Whitmer last year proposed a smaller $75 million “MI Safe Communities” plan with $32 million for police officer recruitment and retention. She has not yet reached a deal with the GOP-led Legislature.
“We have to give support to our law enforcement so they can do recruiting and they can do training so that we can draw good people into policing,” Whitmer said Tuesday, telling reporters she also wants to help agencies hire more diverse officers.
“The stress, and the lack of those supports for too long has made it very difficult to lure people into this important, honorable profession.”
Whitmer also signed bipartisan bills designed to lower inmate populations, including one that ended the practice of suspending driver licenses for non-driving offenses such as drugs and restricting the use of criminal records to determine eligibility for professional licenses.
Democrats contend Dixon’s plan to phase out Michigan’s 4.25 percent personal income tax will jeopardize the state’s ability to pay for services, like public safety.
Dixon’s campaign is backed by the Police Officers Association of Michigan, along with at least 22 sheriffs, including Saginaw County Sheriff William Federspiel, a Democrat.
Whitmer’s campaign on Tuesday launched a “Public Safety Officials for Whitmer” coalition and announced a 34-member leadership council that includes Iosco County Prosecutor James Bacarella, a Republican.
The governor was joined at the Westland event by Wayne County Prosecutor Kym Worthy, a fellow Democrat, who praised Whitmer for signing a law that no longer requires the Michigan parole board to consider release of certain violent offenders every year, instead allowing for review every five years.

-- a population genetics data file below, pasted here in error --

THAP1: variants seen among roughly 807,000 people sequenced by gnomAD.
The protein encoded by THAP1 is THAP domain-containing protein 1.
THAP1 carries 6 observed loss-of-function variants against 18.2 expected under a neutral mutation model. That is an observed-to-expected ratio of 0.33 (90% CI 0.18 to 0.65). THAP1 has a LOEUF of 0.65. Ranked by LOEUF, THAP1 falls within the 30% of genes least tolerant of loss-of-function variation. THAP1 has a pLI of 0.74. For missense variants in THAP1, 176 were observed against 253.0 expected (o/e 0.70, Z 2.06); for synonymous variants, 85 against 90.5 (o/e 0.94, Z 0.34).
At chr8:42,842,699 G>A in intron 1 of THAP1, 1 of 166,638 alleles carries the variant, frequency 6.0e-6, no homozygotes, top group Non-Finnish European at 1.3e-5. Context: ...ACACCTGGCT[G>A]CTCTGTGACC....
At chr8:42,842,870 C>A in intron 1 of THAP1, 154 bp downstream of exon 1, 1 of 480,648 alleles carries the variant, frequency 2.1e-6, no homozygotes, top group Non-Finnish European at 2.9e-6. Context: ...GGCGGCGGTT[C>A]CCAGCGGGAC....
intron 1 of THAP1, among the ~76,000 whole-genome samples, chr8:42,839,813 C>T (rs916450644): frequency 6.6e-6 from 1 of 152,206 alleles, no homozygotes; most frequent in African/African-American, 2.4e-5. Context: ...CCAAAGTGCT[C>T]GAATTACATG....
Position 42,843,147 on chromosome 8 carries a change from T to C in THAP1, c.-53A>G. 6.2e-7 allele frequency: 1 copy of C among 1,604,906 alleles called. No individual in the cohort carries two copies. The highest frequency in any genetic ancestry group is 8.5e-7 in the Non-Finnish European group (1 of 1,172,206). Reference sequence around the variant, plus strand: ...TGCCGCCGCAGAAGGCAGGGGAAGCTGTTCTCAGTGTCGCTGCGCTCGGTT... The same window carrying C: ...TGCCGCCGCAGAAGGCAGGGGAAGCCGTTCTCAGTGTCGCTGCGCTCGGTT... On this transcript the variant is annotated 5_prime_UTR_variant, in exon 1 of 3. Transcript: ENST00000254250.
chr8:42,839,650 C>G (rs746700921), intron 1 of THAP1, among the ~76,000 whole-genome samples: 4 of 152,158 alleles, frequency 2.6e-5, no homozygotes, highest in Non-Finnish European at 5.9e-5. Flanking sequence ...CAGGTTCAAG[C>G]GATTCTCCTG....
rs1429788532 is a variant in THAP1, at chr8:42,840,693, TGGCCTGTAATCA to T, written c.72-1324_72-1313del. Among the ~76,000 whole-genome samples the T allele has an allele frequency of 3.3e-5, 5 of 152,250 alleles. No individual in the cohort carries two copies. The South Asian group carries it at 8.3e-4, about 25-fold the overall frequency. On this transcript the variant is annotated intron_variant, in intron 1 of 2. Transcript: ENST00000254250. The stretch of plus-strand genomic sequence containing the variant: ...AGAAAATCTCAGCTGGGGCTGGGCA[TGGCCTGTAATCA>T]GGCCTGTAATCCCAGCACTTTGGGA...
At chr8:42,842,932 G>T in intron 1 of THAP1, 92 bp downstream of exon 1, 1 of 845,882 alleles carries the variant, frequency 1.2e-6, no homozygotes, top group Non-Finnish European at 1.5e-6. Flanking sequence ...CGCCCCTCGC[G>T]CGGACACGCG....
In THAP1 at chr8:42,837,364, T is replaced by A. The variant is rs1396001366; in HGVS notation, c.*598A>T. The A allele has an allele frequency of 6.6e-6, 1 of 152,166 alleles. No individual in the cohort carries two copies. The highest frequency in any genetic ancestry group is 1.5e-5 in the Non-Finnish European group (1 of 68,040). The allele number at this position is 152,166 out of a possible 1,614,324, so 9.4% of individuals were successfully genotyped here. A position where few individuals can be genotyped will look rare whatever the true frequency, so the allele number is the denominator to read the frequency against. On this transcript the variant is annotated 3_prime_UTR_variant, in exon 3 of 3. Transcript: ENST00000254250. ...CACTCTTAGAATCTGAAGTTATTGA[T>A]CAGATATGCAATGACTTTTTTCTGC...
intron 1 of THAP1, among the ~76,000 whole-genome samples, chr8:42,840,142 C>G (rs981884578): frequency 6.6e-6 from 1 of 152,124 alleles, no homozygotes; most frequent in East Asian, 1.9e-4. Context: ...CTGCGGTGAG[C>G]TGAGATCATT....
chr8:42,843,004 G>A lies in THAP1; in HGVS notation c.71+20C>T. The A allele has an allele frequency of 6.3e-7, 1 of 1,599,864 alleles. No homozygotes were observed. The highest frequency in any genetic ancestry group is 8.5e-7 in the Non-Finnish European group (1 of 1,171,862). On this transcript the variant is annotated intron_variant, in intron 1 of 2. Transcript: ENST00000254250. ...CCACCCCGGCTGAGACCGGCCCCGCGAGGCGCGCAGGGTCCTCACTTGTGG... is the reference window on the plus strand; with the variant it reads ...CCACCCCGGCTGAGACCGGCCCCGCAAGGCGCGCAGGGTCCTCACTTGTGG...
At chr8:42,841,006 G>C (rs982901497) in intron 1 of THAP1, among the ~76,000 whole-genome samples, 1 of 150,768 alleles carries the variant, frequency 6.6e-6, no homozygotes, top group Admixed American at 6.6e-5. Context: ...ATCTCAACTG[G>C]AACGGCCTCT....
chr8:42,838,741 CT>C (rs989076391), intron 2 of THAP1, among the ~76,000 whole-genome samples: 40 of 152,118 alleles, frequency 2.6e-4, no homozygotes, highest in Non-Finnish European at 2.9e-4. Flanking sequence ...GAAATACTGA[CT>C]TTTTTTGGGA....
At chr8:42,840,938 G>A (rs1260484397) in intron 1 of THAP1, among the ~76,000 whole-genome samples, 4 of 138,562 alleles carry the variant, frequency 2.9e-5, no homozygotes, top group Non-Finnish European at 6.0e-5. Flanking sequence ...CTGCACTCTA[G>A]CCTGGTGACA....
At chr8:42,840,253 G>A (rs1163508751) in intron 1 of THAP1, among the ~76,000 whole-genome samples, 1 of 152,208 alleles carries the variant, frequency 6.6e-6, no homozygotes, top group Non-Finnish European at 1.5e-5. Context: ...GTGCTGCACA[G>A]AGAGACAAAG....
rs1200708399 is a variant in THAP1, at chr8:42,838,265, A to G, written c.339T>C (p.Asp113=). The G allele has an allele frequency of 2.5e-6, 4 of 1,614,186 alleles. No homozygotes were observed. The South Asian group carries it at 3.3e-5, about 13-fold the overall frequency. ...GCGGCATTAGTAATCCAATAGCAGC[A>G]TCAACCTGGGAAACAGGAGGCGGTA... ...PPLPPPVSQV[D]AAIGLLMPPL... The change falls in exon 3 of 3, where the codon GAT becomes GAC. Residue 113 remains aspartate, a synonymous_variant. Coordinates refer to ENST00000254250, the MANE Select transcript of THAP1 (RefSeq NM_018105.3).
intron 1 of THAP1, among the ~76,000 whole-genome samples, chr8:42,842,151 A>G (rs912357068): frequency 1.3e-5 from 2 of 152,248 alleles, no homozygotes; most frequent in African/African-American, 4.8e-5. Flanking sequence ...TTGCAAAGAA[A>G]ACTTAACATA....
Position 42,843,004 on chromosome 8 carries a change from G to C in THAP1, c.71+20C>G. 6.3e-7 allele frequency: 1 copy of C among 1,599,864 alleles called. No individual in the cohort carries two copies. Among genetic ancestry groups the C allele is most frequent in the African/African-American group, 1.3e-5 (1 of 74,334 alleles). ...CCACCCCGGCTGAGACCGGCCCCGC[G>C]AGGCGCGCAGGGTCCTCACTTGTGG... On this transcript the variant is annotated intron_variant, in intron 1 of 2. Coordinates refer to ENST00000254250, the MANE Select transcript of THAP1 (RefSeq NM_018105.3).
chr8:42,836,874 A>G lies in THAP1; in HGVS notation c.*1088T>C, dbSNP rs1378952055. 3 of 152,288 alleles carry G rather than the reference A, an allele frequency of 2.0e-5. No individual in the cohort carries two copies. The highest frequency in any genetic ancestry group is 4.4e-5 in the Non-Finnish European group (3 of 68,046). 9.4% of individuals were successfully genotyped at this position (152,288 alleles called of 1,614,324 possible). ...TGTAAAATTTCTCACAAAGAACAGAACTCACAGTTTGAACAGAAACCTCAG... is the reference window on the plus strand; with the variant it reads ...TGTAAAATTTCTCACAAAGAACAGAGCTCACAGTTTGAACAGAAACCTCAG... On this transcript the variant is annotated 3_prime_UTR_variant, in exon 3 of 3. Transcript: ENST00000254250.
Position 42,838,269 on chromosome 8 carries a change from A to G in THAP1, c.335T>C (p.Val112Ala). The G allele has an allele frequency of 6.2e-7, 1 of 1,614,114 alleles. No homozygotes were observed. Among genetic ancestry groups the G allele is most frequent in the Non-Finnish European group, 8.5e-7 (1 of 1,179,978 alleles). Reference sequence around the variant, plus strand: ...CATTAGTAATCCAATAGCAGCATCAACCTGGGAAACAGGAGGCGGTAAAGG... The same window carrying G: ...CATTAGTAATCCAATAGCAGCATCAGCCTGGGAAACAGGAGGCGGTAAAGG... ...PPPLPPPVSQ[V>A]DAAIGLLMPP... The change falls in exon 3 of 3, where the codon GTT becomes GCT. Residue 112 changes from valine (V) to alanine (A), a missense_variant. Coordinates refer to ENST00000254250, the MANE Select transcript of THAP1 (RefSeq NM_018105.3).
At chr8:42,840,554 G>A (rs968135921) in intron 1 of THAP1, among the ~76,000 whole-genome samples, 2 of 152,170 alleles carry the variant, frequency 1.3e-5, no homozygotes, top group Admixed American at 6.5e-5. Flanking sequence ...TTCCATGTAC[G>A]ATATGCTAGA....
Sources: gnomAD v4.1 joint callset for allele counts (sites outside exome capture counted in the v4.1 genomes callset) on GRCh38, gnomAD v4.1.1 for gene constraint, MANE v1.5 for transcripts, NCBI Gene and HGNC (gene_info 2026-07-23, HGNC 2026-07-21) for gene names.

“Some of these potential parolees are so dangerous to public safety that, if released, we would all be sitting back and wondering when they’re going to violate the next time,” Worthy said.
Genesee County Sheriff Chris Swanson, a Democrat, praised Whitmer for her handling of the social justice protests following the 2020 murder of George Floyd, an unarmed black man killed by a police officer in Minnesota.
“The governor supports, but we have to prove that we’re a worthy profession,” Swanson said. “If you can’t train it out, discipline it out, you got to cut it out. We are not without fault.”
Whitmer proposed a series of law enforcement reforms following Floyd’s death, including a statewide ban on police chokeholds and new limits on no-knock warrants that drew scrutiny after the death of Breonna Taylor, but Michigan’s GOP-led Legislature has not approved any legislation for her to sign into law.
Swanson said Whitmer personally called him after a 2020 Flint protest in which the sheriff removed his own riot gear and marched with demonstrators in an act of de-escalation.
“He led,” Whitmer said.
“He brought people together and showed this is still honorable work, and recognizing that every person should expect to go home safely at the end of the day, whether you are on the law enforcement side of the equation or someone on the other side of the equation. We want safer communities.”